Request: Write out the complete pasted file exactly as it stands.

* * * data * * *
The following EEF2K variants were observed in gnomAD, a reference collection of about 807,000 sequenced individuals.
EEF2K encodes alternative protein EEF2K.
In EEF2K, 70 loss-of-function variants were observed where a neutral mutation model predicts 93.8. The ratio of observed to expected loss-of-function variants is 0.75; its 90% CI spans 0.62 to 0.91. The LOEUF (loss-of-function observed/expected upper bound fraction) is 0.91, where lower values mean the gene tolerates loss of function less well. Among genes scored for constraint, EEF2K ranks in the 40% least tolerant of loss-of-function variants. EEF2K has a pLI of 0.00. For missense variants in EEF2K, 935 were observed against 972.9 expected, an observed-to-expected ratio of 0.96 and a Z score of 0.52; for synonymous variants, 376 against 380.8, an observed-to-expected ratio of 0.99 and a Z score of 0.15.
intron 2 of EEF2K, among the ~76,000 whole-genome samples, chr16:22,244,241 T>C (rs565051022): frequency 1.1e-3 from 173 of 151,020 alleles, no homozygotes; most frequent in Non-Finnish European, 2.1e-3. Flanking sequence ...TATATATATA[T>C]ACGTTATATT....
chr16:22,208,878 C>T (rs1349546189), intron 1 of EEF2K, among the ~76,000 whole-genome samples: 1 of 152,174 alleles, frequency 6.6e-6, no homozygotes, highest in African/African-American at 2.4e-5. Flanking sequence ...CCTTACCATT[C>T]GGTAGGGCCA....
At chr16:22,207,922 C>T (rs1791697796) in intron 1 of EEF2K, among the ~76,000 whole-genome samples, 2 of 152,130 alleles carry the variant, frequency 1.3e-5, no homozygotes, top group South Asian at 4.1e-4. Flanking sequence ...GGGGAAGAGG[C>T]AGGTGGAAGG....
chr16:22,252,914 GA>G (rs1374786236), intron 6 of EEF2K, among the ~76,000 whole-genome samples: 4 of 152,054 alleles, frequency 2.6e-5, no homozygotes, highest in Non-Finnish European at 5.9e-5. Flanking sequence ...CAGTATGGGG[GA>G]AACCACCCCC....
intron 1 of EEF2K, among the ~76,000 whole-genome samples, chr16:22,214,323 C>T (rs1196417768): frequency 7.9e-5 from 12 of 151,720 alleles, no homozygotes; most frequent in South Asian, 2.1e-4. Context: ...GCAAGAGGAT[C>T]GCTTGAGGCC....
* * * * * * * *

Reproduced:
The following EEF2K variants were observed in gnomAD, a reference collection of about 807,000 sequenced individuals.
EEF2K encodes alternative protein EEF2K.
In EEF2K, 70 loss-of-function variants were observed where a neutral mutation model predicts 93.8. The ratio of observed to expected loss-of-function variants is 0.75; its 90% CI spans 0.62 to 0.91. The LOEUF (loss-of-function observed/expected upper bound fraction) is 0.91, where lower values mean the gene tolerates loss of function less well. Among genes scored for constraint, EEF2K ranks in the 40% least tolerant of loss-of-function variants. EEF2K has a pLI of 0.00. For missense variants in EEF2K, 935 were observed against 972.9 expected, an observed-to-expected ratio of 0.96 and a Z score of 0.52; for synonymous variants, 376 against 380.8, an observed-to-expected ratio of 0.99 and a Z score of 0.15.
intron 2 of EEF2K, among the ~76,000 whole-genome samples, chr16:22,244,241 T>C (rs565051022): frequency 1.1e-3 from 173 of 151,020 alleles, no homozygotes; most frequent in Non-Finnish European, 2.1e-3. Flanking sequence ...TATATATATA[T>C]ACGTTATATT....
chr16:22,208,878 C>T (rs1349546189), intron 1 of EEF2K, among the ~76,000 whole-genome samples: 1 of 152,174 alleles, frequency 6.6e-6, no homozygotes, highest in African/African-American at 2.4e-5. Flanking sequence ...CCTTACCATT[C>T]GGTAGGGCCA....
At chr16:22,207,922 C>T (rs1791697796) in intron 1 of EEF2K, among the ~76,000 whole-genome samples, 2 of 152,130 alleles carry the variant, frequency 1.3e-5, no homozygotes, top group South Asian at 4.1e-4. Flanking sequence ...GGGGAAGAGG[C>T]AGGTGGAAGG....
chr16:22,252,914 GA>G (rs1374786236), intron 6 of EEF2K, among the ~76,000 whole-genome samples: 4 of 152,054 alleles, frequency 2.6e-5, no homozygotes, highest in Non-Finnish European at 5.9e-5. Flanking sequence ...CAGTATGGGG[GA>G]AACCACCCCC....
intron 1 of EEF2K, among the ~76,000 whole-genome samples, chr16:22,214,323 C>T (rs1196417768): frequency 7.9e-5 from 12 of 151,720 alleles, no homozygotes; most frequent in South Asian, 2.1e-4. Context: ...GCAAGAGGAT[C>T]GCTTGAGGCC....